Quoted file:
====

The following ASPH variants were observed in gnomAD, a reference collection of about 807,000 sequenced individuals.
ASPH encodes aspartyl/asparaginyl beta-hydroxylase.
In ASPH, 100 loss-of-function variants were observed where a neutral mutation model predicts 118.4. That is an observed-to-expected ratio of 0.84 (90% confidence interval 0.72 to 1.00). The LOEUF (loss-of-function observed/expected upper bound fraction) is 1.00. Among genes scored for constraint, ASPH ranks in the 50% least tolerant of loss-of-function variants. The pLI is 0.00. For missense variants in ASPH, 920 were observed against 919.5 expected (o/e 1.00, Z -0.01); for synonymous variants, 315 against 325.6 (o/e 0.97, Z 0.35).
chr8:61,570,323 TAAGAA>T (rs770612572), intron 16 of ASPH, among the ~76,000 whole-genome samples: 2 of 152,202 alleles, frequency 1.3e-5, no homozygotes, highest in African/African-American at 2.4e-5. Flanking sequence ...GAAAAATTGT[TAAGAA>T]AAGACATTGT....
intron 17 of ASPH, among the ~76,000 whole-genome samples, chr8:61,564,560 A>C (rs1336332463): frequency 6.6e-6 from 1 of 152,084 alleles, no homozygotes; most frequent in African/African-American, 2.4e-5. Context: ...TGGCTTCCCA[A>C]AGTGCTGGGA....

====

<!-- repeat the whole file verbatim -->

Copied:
The following ASPH variants were observed in gnomAD, a reference collection of about 807,000 sequenced individuals.
ASPH encodes aspartyl/asparaginyl beta-hydroxylase.
In ASPH, 100 loss-of-function variants were observed where a neutral mutation model predicts 118.4. That is an observed-to-expected ratio of 0.84 (90% confidence interval 0.72 to 1.00). The LOEUF (loss-of-function observed/expected upper bound fraction) is 1.00. Among genes scored for constraint, ASPH ranks in the 50% least tolerant of loss-of-function variants. The pLI is 0.00. For missense variants in ASPH, 920 were observed against 919.5 expected (o/e 1.00, Z -0.01); for synonymous variants, 315 against 325.6 (o/e 0.97, Z 0.35).
chr8:61,570,323 TAAGAA>T (rs770612572), intron 16 of ASPH, among the ~76,000 whole-genome samples: 2 of 152,202 alleles, frequency 1.3e-5, no homozygotes, highest in African/African-American at 2.4e-5. Flanking sequence ...GAAAAATTGT[TAAGAA>T]AAGACATTGT....
intron 17 of ASPH, among the ~76,000 whole-genome samples, chr8:61,564,560 A>C (rs1336332463): frequency 6.6e-6 from 1 of 152,084 alleles, no homozygotes; most frequent in African/African-American, 2.4e-5. Context: ...TGGCTTCCCA[A>C]AGTGCTGGGA....